The permeate of the TFF process (proteins with molecular weights below 350 kDa) was concentrated using the same TFF equipment fitted with a Pellicon® XL Biomax 5 device encasing a polyethersulfone membrane with MWL of 5 kDa. This concentrate was mixed with equal volumes of the same buffered glucose solution used to dilute the retentate, filtered and freeze-dried.
Characterization of the purified malleins
The purified malleins were characterized by HPLC using the methodology described above. As a molecular weight reference for the purified fraction (proteins with molecular weights above 350 kDa) we used bovine thyroglobulin (SIGMA), which has a molecular weight between 660 and 690 kDa. As a reference for the removed fraction (proteins with molecular weights below 350 kDa), we used bovine albumin (SIGMA – Fraction V), which has a molecular weight of 67 kDa.
Potency and specificity tests of the purified malleins
To test the potency of the purified malleins, we used four mixed-breed, non-pregnant mares between 4 and 10 years of age. The animals were sensitized with a 25% packed volume inactivated suspension of B. mallei prepared with 3 of the 5 strains used to produce the malleins, according to the method described by Verma et al. . The three strains used to produce the suspension were selected on the basis of their virulence as evaluated by inoculation in guinea pigs (Table 1). The cell suspension was diluted in PBS and Freund’s incomplete adjuvant at a ratio of 1:1.5:2.5, respectively, and emulsified. The animals were inoculated with 1.0 ml of the emulsion, with 0.5 ml injected intramuscularly and 0.5 ml injected subcutaneously. A second dose was administered 30 days after the first, and the first potency test was performed 44 days after the second dose. Additional reinforcement doses were administered 30 days after each potency test and the animals were reutilized 30 days after each reinforcement dose to test the next purified mallein. On the whole, the four sensitized animals were used five times, to test the five purified malleins. To evaluate the efficiency of the sensitization, serum samples were collected immediately before the first dose of sensitizing emulsion, 30 days after the first and second doses, and immediately before each test. The sera were tested for the presence of anti-B.mallei antibodies by the CFT.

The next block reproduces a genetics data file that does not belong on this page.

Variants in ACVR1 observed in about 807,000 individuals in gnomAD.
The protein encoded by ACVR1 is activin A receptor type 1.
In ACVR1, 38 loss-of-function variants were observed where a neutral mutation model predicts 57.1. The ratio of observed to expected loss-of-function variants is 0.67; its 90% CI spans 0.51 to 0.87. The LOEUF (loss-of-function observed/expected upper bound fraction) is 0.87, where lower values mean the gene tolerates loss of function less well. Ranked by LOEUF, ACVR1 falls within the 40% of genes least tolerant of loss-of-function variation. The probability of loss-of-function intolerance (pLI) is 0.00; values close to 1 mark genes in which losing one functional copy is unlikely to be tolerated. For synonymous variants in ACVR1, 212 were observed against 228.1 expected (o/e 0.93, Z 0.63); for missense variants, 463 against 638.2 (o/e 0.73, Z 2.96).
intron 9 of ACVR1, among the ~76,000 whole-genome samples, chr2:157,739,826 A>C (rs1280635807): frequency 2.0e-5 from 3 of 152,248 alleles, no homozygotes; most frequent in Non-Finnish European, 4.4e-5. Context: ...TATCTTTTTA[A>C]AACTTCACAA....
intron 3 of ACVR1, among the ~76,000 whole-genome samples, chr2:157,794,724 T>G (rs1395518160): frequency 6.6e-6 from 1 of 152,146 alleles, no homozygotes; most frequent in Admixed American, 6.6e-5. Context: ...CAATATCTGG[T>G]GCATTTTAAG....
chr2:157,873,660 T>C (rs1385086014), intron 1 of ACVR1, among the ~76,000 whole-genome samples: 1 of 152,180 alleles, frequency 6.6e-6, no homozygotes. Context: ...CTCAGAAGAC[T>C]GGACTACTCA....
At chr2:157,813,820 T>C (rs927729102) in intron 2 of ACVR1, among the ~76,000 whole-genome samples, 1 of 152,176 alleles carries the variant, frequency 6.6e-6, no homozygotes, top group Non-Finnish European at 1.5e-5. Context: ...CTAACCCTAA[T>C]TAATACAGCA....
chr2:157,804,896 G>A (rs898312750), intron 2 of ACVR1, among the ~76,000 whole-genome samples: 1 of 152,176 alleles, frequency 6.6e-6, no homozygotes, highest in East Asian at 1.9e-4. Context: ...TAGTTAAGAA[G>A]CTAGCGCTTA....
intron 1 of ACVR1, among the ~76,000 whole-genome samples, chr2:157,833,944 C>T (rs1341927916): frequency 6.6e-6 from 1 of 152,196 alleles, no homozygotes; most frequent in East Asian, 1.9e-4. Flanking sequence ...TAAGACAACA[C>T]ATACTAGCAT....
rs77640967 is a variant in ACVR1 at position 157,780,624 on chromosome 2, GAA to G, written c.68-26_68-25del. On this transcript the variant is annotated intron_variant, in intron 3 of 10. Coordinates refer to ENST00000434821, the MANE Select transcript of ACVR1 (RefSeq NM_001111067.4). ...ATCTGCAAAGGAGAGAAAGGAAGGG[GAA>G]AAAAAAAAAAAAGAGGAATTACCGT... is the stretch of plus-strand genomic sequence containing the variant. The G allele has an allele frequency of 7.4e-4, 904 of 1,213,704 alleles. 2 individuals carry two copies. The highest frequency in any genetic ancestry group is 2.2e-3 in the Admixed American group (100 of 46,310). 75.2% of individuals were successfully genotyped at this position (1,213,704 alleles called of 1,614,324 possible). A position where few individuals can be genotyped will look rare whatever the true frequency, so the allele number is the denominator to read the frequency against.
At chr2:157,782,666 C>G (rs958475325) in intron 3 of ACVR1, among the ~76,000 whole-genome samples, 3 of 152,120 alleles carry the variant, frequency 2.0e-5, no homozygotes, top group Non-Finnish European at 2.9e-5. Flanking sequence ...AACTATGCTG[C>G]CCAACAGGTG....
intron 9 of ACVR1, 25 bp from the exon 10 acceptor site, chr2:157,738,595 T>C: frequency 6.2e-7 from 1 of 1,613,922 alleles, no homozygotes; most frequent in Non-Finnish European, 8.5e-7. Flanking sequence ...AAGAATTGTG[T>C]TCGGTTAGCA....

The purified malleins were tested in the same order as their number identification, from 1 to 5. The potency of the purified malleins was evaluated by comparison with a standard mallein (Pasteur Institute, Bucharest, Romania). For each horse out of the four used, four 6 cm2 sites were prepared by shaving the skin at each side of the neck, with two sites on an upper line and two on a lower line, vertically and laterally separated from each other by 6 cm. The thickness of the skin fold at each site was measured with a caliper and recorded, and 0.1 ml of mallein, at a concentration of 1.0 mg/ml, was inoculated intradermally at a point in the center of each site in a systematic way such that on the right side of the neck, the purified mallein was inoculated at points 1 and 4, and the standard was inoculated at points 2 and 3, and the order was inverted on the left side of the neck. Forty-eight hours after the inoculation of the malleins, the thickness of the skin at each site was measured again, and the intensity of the reaction was registered as the difference, in millimeters, between the two readings. At each individual test, the two malleins were inoculated in the four sensitized animals and the mean of the reactions (16 individual readings) produced by the purified mallein was compared with the mean of the reactions (16 individual readings) produced by the standard mallein.
To evaluate the specificity of the experimental malleins and the standard, the same protocol was applied at each test to four non-sensitized horses (negative controls), and the means of the reactions produced by each reagent in this group were compared to the means of the reactions produced by the same reagent in the sensitized group.
The data were analyzed statistically by a split plot ANOVA, with the reagents (purified and standard malleins) in the plot and the points of inoculation (1 to 4) in the subplot. For the potency test, we used a randomized blocks experimental design, and for the specificity test, we used a fully randomized experimental design.
The use of animals in this experiment had the approval of the Ethics Committee in Animal Experimentation of the Universidade Federal de Minas Gerais, under the reference number of 167/2011.
In an attempt to better understand the activity of the purified antigens in a real scenario with naturally infected animals, purified mallein number 2 was submitted to a field test with the standard mallein involving 15 suspected glanderous horses from an endemic region. The comparison was performed by the simultaneous inoculation of 0.1 mL of the purified mallein and the standard at a protein concentration of 1.0 mg/mL, intradermally, in the right and left lower eye-lid, respectively, of each animal. Reading of the results was done 48 hours after the inoculation and it was considered positive a marked lower eye-lid swelling accompanied or not by purulent secretion and conjunctivitis.